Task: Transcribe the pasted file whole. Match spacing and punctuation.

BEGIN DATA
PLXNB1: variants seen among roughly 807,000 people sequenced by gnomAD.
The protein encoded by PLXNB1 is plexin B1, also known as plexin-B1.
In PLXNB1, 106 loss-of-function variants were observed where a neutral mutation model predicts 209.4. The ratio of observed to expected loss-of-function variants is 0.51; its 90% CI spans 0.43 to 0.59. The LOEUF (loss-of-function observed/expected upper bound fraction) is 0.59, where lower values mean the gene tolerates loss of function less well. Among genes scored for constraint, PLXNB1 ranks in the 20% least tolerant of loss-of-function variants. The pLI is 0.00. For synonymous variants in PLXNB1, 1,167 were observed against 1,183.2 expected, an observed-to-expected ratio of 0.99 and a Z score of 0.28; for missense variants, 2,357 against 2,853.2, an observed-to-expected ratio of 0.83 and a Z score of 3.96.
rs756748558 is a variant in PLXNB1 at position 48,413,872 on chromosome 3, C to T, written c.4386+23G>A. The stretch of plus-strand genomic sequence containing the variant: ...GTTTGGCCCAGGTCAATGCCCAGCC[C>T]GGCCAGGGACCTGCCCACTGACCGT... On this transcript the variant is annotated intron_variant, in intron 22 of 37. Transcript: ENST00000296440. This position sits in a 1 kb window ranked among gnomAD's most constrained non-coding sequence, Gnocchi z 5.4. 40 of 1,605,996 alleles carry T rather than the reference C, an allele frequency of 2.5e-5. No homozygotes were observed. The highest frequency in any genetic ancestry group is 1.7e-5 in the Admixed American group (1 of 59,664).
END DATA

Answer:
PLXNB1: variants seen among roughly 807,000 people sequenced by gnomAD.
The protein encoded by PLXNB1 is plexin B1, also known as plexin-B1.
In PLXNB1, 106 loss-of-function variants were observed where a neutral mutation model predicts 209.4. The ratio of observed to expected loss-of-function variants is 0.51; its 90% CI spans 0.43 to 0.59. The LOEUF (loss-of-function observed/expected upper bound fraction) is 0.59, where lower values mean the gene tolerates loss of function less well. Among genes scored for constraint, PLXNB1 ranks in the 20% least tolerant of loss-of-function variants. The pLI is 0.00. For synonymous variants in PLXNB1, 1,167 were observed against 1,183.2 expected, an observed-to-expected ratio of 0.99 and a Z score of 0.28; for missense variants, 2,357 against 2,853.2, an observed-to-expected ratio of 0.83 and a Z score of 3.96.
rs756748558 is a variant in PLXNB1 at position 48,413,872 on chromosome 3, C to T, written c.4386+23G>A. The stretch of plus-strand genomic sequence containing the variant: ...GTTTGGCCCAGGTCAATGCCCAGCC[C>T]GGCCAGGGACCTGCCCACTGACCGT... On this transcript the variant is annotated intron_variant, in intron 22 of 37. Transcript: ENST00000296440. This position sits in a 1 kb window ranked among gnomAD's most constrained non-coding sequence, Gnocchi z 5.4. 40 of 1,605,996 alleles carry T rather than the reference C, an allele frequency of 2.5e-5. No homozygotes were observed. The highest frequency in any genetic ancestry group is 1.7e-5 in the Admixed American group (1 of 59,664).